A couple of weeks ago, I put in a new raised bed for our vegetable garden. For the frame, I “repurposed” the former bottom bunk of my son’s bunk bed (he’s moved up to the top and is using it as a loft).
Usually for big physical tasks like removing sod, I call for my husband to help me out. But, alas, Mr. Muscles was busy exercising the muscle between his ears and writing a paper (he took two classes this Spring and was crazy busy). So, I was forced to woman-up and do the job myself.
I used a shovel and cut the sod out chunk by chunk, then shook each clump of grass to get as much dirt off as I could before I tossed the grass into the wheelbarrow.
As I worked, I started wondering — how did I know how to do this? I realized I must have learned it from my Dad.
We had a vegetable garden every year, and I remember my Dad showing me how to shake off the grass clumps to save the soil. I feel like I don’t remember many details from my childhood, but I do remember the big tomatoes and cucumbers that Dad grew every year.
And I wondered about how my Dad knew what to do, and that led me to my grandparents. They also had a backyard garden, plus my Grandpa was an amazing rose gardener.
I lived with my grandparents for a few years when I was in junior high school. The walkway into the backyard was narrow and it ran next to a planting bed that my grandparents planted with flowers and herbs. As I walked to the back yard, I’d brush the parsley and smell the zinnias that were growing in the bed. To this day, whenever I chop parsley I’m transported back to those golden days in a sunny California yard.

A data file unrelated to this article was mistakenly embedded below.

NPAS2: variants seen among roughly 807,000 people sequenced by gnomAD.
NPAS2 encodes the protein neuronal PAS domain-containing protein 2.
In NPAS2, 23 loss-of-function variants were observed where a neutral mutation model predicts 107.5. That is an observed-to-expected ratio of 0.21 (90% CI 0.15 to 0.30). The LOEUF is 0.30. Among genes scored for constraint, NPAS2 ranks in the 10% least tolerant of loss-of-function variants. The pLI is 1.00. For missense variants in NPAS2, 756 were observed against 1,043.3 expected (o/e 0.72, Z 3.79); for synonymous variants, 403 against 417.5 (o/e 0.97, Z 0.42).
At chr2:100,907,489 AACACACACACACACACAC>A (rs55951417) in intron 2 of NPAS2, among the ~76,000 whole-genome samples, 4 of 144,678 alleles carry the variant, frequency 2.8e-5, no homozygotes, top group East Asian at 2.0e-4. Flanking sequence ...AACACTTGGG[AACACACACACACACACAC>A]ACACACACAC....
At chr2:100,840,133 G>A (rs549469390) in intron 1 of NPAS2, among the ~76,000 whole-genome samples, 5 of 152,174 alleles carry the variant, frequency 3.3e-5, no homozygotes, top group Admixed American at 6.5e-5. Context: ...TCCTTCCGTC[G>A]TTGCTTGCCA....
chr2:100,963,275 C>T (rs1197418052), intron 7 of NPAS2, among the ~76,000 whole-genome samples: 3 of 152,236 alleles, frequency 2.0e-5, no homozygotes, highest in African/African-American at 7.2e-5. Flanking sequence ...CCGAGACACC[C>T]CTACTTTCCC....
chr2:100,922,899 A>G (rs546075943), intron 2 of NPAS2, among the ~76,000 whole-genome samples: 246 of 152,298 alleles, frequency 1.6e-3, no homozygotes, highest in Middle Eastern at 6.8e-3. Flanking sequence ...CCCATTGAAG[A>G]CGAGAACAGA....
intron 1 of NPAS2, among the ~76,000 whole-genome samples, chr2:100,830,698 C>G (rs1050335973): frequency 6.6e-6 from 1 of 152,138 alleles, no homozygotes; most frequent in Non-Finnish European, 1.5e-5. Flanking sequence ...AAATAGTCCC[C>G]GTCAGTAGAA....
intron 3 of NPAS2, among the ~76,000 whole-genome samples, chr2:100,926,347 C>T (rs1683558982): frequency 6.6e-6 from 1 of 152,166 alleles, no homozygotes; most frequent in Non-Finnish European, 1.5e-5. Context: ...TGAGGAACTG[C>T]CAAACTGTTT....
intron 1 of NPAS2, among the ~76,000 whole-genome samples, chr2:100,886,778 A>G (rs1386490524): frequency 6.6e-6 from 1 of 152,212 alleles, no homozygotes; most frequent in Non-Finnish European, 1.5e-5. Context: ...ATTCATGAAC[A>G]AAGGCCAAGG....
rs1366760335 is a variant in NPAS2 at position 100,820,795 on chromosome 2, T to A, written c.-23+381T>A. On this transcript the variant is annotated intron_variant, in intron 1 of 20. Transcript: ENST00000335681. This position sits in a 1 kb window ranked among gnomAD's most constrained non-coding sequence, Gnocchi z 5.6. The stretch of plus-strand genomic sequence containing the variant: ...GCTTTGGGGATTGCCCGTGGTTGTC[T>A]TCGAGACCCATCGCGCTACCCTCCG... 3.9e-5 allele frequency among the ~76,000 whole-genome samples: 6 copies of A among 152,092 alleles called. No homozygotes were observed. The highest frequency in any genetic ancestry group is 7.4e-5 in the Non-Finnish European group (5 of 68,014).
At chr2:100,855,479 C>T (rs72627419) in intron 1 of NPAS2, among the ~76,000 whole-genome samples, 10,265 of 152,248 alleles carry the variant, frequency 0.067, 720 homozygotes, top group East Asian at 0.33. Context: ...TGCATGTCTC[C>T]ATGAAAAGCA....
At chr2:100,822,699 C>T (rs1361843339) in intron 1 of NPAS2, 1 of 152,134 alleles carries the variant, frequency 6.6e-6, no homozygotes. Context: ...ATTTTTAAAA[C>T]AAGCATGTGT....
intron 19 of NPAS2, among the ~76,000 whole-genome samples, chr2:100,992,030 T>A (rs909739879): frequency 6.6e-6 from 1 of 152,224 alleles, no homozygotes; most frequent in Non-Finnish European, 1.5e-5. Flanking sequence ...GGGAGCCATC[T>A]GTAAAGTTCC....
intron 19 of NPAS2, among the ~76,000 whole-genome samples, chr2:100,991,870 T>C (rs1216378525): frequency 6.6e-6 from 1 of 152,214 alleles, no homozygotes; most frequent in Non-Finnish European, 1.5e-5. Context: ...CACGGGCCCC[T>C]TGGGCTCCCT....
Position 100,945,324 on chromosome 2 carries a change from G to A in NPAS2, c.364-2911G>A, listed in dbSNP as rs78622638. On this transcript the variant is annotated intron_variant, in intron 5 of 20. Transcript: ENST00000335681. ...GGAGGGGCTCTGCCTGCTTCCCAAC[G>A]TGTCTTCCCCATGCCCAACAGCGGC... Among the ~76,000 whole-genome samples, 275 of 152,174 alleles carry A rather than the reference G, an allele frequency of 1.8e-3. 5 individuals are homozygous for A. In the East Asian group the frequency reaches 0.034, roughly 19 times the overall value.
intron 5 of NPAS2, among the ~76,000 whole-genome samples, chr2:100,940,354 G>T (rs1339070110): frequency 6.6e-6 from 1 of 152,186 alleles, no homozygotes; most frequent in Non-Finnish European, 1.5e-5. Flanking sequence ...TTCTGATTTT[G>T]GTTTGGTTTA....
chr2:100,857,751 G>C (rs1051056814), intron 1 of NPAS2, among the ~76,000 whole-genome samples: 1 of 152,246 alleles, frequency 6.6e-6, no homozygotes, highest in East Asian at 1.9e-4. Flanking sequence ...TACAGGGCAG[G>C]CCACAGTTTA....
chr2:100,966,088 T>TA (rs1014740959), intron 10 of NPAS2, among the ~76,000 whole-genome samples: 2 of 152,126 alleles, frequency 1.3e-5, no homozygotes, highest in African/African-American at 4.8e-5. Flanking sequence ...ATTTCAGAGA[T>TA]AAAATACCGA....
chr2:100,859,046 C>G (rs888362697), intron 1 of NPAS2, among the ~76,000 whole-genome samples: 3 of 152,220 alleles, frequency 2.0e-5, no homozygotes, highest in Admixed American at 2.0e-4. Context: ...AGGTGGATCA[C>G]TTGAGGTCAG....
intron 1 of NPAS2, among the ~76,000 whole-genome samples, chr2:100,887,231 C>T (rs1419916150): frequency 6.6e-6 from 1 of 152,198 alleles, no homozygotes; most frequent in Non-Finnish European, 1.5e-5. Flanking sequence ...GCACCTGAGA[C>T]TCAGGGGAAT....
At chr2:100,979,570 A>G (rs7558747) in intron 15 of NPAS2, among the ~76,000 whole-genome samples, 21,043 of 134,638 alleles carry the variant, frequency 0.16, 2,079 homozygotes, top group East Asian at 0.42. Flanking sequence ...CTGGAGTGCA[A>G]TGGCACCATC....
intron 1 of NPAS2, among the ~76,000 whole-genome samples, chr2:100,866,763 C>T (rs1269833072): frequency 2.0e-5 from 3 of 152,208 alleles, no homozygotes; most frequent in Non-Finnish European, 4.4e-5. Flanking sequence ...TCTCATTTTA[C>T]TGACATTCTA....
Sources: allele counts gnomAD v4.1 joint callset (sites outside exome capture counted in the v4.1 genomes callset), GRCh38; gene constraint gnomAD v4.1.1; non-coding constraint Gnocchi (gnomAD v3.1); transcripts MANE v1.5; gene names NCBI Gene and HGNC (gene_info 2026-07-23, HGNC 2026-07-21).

I’ll have to ask my Dad and my uncle, but I assume that their parents taught them to garden. My grandparents grew up in Belleville, IL, which was home to many German farmers, and my Grandpa grew up on a farm. So I wondered, as I shook the soil out of the clumps of grass to make my new planting bed, how far back could I trace a line of farm people who had done the very same thing? And as I thought about that long line, I realized that I want to continue it. And that means getting my boys away from their computers and out in the yard more so that they, too, know how to grow their own food.